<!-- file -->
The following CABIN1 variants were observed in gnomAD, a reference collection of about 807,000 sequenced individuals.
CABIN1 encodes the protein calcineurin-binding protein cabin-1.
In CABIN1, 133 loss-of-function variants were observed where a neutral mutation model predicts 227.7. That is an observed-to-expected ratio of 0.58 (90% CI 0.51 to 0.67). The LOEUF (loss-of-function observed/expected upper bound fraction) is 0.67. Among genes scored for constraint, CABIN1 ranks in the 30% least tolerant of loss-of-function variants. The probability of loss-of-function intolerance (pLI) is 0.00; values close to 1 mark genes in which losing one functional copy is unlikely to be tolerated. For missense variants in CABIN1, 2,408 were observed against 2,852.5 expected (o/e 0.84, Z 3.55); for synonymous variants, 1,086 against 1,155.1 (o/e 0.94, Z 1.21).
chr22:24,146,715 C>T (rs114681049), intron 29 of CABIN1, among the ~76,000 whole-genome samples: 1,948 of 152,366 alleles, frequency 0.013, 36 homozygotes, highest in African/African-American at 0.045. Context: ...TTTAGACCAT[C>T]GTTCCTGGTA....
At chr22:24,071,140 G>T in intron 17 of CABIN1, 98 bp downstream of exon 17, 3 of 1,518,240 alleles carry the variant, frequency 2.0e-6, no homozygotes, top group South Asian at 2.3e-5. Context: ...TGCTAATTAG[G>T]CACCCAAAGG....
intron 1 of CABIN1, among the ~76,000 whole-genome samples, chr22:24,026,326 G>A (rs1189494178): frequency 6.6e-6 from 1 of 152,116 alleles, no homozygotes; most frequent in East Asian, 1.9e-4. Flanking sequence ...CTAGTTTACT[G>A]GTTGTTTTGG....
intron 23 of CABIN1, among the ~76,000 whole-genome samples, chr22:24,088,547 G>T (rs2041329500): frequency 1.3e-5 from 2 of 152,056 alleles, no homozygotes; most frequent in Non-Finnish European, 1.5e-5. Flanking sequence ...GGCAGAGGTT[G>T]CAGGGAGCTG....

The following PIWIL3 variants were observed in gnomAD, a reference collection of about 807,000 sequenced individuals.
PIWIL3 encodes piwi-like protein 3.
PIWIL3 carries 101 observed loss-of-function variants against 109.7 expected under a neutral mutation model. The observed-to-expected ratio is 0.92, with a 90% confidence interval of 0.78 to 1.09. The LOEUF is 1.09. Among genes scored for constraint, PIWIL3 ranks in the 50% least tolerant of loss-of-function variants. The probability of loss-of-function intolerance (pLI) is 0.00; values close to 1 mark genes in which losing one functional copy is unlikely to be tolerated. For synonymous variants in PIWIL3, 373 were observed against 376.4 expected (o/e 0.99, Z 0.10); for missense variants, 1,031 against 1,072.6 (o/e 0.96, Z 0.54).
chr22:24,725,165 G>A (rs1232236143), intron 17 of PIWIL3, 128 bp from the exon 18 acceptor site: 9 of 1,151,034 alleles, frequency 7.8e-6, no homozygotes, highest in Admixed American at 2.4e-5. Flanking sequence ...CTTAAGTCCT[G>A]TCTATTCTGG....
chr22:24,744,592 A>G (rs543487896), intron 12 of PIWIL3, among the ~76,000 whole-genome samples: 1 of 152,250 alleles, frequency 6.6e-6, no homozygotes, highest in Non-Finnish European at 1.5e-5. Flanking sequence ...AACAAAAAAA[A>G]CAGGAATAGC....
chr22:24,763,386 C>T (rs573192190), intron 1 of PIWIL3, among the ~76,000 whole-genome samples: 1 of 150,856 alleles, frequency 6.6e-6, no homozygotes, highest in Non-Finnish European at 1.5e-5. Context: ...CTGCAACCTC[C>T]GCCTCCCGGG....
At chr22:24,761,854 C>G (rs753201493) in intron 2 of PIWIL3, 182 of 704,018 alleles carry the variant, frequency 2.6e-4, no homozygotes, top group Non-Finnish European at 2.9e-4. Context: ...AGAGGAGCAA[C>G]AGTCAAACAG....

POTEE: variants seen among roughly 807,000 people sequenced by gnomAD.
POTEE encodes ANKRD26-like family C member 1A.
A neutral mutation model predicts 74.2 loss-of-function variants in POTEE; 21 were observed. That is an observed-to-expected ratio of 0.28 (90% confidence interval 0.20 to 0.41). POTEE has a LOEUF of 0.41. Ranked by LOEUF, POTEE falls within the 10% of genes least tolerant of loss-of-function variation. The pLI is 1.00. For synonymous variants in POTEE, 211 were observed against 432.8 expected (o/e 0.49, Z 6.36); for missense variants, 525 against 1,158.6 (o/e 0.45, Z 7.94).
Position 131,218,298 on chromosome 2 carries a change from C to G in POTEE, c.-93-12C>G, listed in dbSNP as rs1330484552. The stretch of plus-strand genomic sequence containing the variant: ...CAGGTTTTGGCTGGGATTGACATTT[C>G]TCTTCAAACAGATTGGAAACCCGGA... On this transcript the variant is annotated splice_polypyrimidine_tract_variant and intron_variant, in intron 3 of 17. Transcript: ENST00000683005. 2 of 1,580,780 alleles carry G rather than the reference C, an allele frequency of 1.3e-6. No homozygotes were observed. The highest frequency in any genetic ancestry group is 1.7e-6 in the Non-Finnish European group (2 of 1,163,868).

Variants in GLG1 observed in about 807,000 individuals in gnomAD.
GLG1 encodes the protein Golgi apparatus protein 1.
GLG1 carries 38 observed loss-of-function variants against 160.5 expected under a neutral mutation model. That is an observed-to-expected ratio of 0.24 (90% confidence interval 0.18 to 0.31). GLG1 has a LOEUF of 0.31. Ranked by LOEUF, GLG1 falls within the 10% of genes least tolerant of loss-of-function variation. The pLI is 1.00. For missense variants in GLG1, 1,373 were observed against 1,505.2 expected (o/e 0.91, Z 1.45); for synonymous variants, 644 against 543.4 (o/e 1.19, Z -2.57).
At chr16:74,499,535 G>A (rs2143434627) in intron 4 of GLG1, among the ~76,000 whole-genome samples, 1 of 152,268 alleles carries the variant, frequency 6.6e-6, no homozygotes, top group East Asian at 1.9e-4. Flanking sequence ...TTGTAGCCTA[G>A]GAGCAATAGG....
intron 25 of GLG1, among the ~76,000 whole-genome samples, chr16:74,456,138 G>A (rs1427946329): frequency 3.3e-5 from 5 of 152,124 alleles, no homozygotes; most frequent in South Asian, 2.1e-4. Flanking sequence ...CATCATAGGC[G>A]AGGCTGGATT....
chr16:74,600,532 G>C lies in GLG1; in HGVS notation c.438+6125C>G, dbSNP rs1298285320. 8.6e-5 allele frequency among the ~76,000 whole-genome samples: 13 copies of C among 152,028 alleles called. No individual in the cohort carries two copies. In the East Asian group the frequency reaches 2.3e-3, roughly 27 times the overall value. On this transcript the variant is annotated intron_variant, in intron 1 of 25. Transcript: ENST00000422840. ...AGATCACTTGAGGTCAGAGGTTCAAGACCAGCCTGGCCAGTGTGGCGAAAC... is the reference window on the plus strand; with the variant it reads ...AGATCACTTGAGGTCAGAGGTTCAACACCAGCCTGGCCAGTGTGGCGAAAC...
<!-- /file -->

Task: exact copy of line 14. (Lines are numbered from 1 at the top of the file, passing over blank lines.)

At chr22:24,761,854 C>G (rs753201493) in intron 2 of PIWIL3, 182 of 704,018 alleles carry the variant, frequency 2.6e-4, no homozygotes, top group Non-Finnish European at 2.9e-4. Context: ...AGAGGAGCAA[C>G]AGTCAAACAG....